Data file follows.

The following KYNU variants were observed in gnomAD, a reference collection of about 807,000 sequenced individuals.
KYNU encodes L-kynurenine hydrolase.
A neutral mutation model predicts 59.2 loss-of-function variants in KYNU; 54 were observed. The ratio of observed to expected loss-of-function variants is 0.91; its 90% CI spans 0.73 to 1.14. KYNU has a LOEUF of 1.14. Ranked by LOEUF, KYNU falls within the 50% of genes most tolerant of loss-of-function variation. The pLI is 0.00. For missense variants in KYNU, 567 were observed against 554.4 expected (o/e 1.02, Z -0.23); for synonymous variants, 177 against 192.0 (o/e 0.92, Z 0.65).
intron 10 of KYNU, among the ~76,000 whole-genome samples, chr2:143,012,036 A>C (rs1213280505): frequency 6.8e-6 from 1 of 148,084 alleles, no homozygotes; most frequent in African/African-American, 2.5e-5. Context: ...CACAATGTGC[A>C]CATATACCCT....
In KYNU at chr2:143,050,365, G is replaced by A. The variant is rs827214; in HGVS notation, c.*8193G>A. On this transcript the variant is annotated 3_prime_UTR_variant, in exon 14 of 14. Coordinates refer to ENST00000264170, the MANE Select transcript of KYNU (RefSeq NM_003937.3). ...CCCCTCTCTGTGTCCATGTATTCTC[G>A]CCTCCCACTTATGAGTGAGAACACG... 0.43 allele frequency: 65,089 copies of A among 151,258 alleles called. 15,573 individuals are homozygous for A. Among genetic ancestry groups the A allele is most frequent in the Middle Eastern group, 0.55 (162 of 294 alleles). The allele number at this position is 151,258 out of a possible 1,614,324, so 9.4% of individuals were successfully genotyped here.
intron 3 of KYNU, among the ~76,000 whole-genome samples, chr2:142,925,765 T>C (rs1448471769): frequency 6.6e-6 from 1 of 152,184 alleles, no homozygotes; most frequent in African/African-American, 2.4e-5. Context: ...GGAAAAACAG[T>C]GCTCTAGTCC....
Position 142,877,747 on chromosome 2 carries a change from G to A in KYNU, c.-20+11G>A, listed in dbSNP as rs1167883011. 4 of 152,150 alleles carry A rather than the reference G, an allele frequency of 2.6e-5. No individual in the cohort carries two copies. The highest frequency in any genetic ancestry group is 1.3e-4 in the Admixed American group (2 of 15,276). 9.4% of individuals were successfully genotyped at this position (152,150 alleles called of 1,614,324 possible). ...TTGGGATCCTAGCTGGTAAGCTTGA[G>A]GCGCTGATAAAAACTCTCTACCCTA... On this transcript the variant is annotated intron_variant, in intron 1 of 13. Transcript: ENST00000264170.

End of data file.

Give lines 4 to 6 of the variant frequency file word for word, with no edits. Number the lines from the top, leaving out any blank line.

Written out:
intron 10 of KYNU, among the ~76,000 whole-genome samples, chr2:143,012,036 A>C (rs1213280505): frequency 6.8e-6 from 1 of 148,084 alleles, no homozygotes; most frequent in African/African-American, 2.5e-5. Context: ...CACAATGTGC[A>C]CATATACCCT....
In KYNU at chr2:143,050,365, G is replaced by A. The variant is rs827214; in HGVS notation, c.*8193G>A. On this transcript the variant is annotated 3_prime_UTR_variant, in exon 14 of 14. Coordinates refer to ENST00000264170, the MANE Select transcript of KYNU (RefSeq NM_003937.3). ...CCCCTCTCTGTGTCCATGTATTCTC[G>A]CCTCCCACTTATGAGTGAGAACACG... 0.43 allele frequency: 65,089 copies of A among 151,258 alleles called. 15,573 individuals are homozygous for A. Among genetic ancestry groups the A allele is most frequent in the Middle Eastern group, 0.55 (162 of 294 alleles). The allele number at this position is 151,258 out of a possible 1,614,324, so 9.4% of individuals were successfully genotyped here.
intron 3 of KYNU, among the ~76,000 whole-genome samples, chr2:142,925,765 T>C (rs1448471769): frequency 6.6e-6 from 1 of 152,184 alleles, no homozygotes; most frequent in African/African-American, 2.4e-5. Context: ...GGAAAAACAG[T>C]GCTCTAGTCC....